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Balancing Act- Driving Sales Today and Generating Demand Tomorrow

Balancing Act: Driving Sales Today and Generating Demand Tomorrow

Dixit Sapra

Director, Brand & Communication

Kantar

Dixit.Sapra@kantar.com

Balancing the short-term benefits of Performance Marketing with the long-term work of Brand Building is how sustainable and profitable brands grow.

Perennially, valuations of BrandZ™ Top Brands demonstrate that strong brands generate superior shareholder returns, are less susceptible to economic downturn, and recover faster from any recessionary impact. And according to Kantar’s recent “Getting Media Right” study, over 90 percent of advertisers recognize the importance of balancing short and long-term strategies.

However, only half of the marketers are confident they have the right balance today, and agencies and media companies are no different. Pressure to deliver quarterly results continues to create a fallacy of growth in the short-term, but this often comes at the expense of building long-term brand profitability. It puts pressure on brands to continually appeal to a pool of existing buyers with a higher degree of promotional tactics and lower marketing efficiencies – while missing the opportunity to unlock true growth potential for brands.

Understanding Short-term vs. Long-term

There are two ways to sell things. We can send out marketing activity that evokes an immediate response – in other words, what’s known as trade activation. Trade activation doesn't require building up long-term memories, or doing much to change people's minds. It's just about evoking a response - and that can be a highly profitable and efficient thing to do!

But if we want long-term growth, what we have got to do is change people's minds in some way. We need to build up memory structures that will bias their behavior into the future. That's a much more difficult and long-term job, because it involves training people's responses in such a way that not only influences behavior now, but also influences behavior tomorrow, next week, next month, next year, and on into the future.

Brand Building is about building up these mental structures - but, crucially, it's still about behavior. In fact, Brand Building is about securing a long-term flow of sales, revenue, and profit – now, and into the future. Activation, on the other hand, is focused solely on immediate response: ideally a sale, but maybe nothing more.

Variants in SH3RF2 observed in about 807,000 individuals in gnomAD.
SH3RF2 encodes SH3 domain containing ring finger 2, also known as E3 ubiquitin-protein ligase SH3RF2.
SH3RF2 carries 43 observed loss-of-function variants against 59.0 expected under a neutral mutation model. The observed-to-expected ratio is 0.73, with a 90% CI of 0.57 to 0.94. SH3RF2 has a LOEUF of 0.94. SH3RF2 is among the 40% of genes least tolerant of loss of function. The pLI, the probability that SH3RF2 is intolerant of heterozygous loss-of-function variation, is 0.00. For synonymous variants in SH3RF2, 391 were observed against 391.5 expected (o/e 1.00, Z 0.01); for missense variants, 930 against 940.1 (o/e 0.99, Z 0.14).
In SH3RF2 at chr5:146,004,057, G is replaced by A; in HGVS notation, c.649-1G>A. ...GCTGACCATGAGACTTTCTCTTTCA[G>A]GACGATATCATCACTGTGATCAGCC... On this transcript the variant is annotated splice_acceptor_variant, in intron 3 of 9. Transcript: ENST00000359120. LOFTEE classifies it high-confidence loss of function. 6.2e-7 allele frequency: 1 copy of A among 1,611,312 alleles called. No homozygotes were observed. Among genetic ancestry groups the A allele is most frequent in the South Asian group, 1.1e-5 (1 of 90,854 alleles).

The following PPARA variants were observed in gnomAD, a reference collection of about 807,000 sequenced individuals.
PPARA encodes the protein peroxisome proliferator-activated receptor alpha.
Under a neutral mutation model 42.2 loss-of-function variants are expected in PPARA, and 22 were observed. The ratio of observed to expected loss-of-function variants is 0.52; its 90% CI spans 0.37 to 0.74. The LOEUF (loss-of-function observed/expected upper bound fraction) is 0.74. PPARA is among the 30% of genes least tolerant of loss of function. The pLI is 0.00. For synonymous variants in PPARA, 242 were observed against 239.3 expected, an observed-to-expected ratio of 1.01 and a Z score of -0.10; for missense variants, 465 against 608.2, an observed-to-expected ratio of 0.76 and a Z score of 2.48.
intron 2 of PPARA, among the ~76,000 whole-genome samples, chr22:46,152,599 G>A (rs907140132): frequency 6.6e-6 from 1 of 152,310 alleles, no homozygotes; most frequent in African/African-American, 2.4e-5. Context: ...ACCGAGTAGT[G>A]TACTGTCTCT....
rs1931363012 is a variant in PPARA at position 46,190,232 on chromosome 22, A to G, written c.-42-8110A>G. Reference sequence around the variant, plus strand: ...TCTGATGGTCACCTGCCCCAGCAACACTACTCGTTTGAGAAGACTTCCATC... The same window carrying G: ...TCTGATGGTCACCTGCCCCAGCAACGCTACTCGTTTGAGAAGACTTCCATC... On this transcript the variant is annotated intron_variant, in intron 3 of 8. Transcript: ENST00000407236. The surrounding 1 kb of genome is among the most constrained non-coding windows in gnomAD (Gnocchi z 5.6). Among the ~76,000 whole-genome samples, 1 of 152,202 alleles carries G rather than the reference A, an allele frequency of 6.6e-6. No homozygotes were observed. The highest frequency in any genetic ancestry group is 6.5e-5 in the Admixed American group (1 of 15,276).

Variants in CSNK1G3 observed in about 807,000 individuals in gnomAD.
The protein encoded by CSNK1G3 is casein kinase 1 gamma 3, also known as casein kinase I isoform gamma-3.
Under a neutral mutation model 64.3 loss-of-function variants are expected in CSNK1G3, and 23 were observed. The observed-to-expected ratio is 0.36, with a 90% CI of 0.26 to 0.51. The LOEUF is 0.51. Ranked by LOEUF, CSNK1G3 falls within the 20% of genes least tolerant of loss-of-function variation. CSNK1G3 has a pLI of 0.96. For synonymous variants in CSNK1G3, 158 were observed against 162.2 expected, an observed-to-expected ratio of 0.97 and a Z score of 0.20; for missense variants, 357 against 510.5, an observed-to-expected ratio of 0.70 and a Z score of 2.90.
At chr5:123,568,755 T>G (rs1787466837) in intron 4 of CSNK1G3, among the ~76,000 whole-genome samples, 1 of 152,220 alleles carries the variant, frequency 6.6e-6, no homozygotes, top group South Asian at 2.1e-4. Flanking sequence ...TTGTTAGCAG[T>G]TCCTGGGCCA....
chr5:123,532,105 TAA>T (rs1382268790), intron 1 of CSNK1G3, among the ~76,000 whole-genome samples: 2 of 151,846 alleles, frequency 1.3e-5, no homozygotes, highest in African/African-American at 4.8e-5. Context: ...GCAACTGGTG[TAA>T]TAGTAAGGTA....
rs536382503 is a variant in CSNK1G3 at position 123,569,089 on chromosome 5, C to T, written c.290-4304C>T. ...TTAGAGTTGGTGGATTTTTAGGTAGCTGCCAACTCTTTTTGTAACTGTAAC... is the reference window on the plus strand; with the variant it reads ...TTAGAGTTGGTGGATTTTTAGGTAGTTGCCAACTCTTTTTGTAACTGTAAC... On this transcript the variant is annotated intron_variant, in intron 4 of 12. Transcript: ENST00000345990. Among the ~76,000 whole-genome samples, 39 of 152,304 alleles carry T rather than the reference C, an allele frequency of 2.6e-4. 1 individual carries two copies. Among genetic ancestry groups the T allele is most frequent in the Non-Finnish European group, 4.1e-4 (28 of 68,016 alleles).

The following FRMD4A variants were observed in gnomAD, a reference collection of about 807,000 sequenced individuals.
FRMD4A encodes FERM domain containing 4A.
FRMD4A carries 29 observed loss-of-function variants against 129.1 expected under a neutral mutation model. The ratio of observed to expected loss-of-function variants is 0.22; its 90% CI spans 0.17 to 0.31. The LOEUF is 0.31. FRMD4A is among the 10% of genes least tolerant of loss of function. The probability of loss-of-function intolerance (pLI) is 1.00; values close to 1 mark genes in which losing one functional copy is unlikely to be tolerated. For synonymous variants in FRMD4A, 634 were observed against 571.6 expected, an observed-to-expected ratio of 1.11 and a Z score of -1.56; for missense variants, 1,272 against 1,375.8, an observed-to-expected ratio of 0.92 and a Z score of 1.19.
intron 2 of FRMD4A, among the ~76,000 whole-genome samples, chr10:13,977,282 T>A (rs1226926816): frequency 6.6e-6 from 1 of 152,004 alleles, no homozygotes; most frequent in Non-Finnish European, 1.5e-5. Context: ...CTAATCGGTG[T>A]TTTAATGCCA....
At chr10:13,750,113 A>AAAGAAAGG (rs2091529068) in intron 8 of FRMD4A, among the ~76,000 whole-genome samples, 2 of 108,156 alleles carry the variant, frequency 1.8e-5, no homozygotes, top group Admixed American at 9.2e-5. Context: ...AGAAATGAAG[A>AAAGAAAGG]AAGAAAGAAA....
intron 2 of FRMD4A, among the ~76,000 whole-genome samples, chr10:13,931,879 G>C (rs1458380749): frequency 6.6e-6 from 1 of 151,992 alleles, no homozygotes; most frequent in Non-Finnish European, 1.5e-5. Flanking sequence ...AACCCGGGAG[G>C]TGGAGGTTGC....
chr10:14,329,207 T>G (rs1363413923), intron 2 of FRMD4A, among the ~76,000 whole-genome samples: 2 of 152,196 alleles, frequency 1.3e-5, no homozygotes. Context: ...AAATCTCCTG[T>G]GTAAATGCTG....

Best of Both

We have observed that marketing levers that build brand equity and produce sustainable long-term effects are generally different from those that drive short-term effects. Although some long-term marketing efforts produce some short-term effects, the reverse is not true:  it should be noted that an accumulation of short-term effects does not translate into higher long-term brand affinity and profitable growth potential. Therefore, it is critical to understand how the long-term effects of advertising work, and how they can perform in tandem with short-term efforts.

Really smart marketers build their brands according to a long-term strategy, and activate this strategy efficiently. Building a brand over the long-term means building up a preference for the brand - and then activation converts that preference efficiently into cash. We need to do both jobs because each enhances the other, and you need to do them in balance.

This balancing act requires marketing leaders to address ROI measurement and marketing budget allocation in a more holistic manner. Understanding the dynamics of how various marketing channels generate short and long-term sales growth is a necessary first step to deploying the right mix of brand building and performance efforts. It also enables marketers to demonstrate this delicate balance to financial teams and executive leadership, and ultimately to be more successful in allocating their budget to enable growth. This requires a “Total Marketing ROI” approach to optimization.

In conclusion: Please do continue to deliver fact-based marketing. But please, give just as much weight to the long-term as to short-term decisions. And ask yourself: Do you have the right data and right prediction models to do this?